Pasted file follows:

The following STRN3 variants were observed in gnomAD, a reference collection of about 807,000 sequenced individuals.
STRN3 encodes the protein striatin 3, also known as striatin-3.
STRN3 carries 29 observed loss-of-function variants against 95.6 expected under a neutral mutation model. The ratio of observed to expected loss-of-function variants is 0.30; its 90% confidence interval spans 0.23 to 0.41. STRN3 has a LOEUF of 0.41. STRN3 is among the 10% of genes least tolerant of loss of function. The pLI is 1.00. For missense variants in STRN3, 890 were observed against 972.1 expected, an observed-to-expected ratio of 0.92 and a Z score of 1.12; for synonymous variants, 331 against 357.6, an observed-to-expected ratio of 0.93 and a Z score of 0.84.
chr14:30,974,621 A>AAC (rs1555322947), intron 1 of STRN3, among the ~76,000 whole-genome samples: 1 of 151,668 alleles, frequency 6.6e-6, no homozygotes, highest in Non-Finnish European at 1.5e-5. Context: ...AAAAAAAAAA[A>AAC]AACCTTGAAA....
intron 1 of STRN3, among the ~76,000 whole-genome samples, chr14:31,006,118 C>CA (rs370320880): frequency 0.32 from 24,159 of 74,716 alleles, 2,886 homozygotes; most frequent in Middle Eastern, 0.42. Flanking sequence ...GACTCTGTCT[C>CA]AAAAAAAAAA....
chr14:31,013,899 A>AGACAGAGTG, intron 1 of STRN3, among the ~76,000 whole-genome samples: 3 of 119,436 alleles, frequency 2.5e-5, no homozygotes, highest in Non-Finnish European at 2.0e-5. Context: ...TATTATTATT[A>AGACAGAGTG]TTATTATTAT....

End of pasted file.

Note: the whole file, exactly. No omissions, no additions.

The following STRN3 variants were observed in gnomAD, a reference collection of about 807,000 sequenced individuals.
STRN3 encodes the protein striatin 3, also known as striatin-3.
STRN3 carries 29 observed loss-of-function variants against 95.6 expected under a neutral mutation model. The ratio of observed to expected loss-of-function variants is 0.30; its 90% confidence interval spans 0.23 to 0.41. STRN3 has a LOEUF of 0.41. STRN3 is among the 10% of genes least tolerant of loss of function. The pLI is 1.00. For missense variants in STRN3, 890 were observed against 972.1 expected, an observed-to-expected ratio of 0.92 and a Z score of 1.12; for synonymous variants, 331 against 357.6, an observed-to-expected ratio of 0.93 and a Z score of 0.84.
chr14:30,974,621 A>AAC (rs1555322947), intron 1 of STRN3, among the ~76,000 whole-genome samples: 1 of 151,668 alleles, frequency 6.6e-6, no homozygotes, highest in Non-Finnish European at 1.5e-5. Context: ...AAAAAAAAAA[A>AAC]AACCTTGAAA....
intron 1 of STRN3, among the ~76,000 whole-genome samples, chr14:31,006,118 C>CA (rs370320880): frequency 0.32 from 24,159 of 74,716 alleles, 2,886 homozygotes; most frequent in Middle Eastern, 0.42. Flanking sequence ...GACTCTGTCT[C>CA]AAAAAAAAAA....
chr14:31,013,899 A>AGACAGAGTG, intron 1 of STRN3, among the ~76,000 whole-genome samples: 3 of 119,436 alleles, frequency 2.5e-5, no homozygotes, highest in Non-Finnish European at 2.0e-5. Context: ...TATTATTATT[A>AGACAGAGTG]TTATTATTAT....